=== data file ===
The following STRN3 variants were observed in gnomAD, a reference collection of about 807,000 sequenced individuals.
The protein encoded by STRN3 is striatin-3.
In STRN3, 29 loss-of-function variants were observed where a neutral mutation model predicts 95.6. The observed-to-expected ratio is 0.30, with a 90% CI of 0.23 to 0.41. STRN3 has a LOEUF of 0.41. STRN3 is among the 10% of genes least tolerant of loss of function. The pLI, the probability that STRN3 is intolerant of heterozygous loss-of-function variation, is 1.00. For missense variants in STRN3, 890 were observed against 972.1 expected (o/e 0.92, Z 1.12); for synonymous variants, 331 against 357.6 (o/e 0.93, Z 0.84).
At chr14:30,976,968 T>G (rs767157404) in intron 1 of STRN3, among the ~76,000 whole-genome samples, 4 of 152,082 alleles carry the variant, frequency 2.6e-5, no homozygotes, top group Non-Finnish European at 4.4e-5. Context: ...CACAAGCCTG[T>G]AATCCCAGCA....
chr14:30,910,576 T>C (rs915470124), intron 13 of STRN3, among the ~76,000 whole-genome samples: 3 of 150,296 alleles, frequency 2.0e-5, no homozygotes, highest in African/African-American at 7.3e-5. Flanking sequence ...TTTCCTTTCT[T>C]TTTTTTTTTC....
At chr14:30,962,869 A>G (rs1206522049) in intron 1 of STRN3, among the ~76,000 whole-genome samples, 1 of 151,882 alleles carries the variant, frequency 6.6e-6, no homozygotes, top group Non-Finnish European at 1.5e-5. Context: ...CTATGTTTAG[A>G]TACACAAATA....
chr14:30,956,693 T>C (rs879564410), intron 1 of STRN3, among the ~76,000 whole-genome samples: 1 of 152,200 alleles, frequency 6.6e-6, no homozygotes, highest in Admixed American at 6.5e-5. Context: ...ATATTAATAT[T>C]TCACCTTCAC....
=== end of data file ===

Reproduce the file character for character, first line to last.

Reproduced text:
The following STRN3 variants were observed in gnomAD, a reference collection of about 807,000 sequenced individuals.
The protein encoded by STRN3 is striatin-3.
In STRN3, 29 loss-of-function variants were observed where a neutral mutation model predicts 95.6. The observed-to-expected ratio is 0.30, with a 90% CI of 0.23 to 0.41. STRN3 has a LOEUF of 0.41. STRN3 is among the 10% of genes least tolerant of loss of function. The pLI, the probability that STRN3 is intolerant of heterozygous loss-of-function variation, is 1.00. For missense variants in STRN3, 890 were observed against 972.1 expected (o/e 0.92, Z 1.12); for synonymous variants, 331 against 357.6 (o/e 0.93, Z 0.84).
At chr14:30,976,968 T>G (rs767157404) in intron 1 of STRN3, among the ~76,000 whole-genome samples, 4 of 152,082 alleles carry the variant, frequency 2.6e-5, no homozygotes, top group Non-Finnish European at 4.4e-5. Context: ...CACAAGCCTG[T>G]AATCCCAGCA....
chr14:30,910,576 T>C (rs915470124), intron 13 of STRN3, among the ~76,000 whole-genome samples: 3 of 150,296 alleles, frequency 2.0e-5, no homozygotes, highest in African/African-American at 7.3e-5. Flanking sequence ...TTTCCTTTCT[T>C]TTTTTTTTTC....
At chr14:30,962,869 A>G (rs1206522049) in intron 1 of STRN3, among the ~76,000 whole-genome samples, 1 of 151,882 alleles carries the variant, frequency 6.6e-6, no homozygotes, top group Non-Finnish European at 1.5e-5. Context: ...CTATGTTTAG[A>G]TACACAAATA....
chr14:30,956,693 T>C (rs879564410), intron 1 of STRN3, among the ~76,000 whole-genome samples: 1 of 152,200 alleles, frequency 6.6e-6, no homozygotes, highest in Admixed American at 6.5e-5. Context: ...ATATTAATAT[T>C]TCACCTTCAC....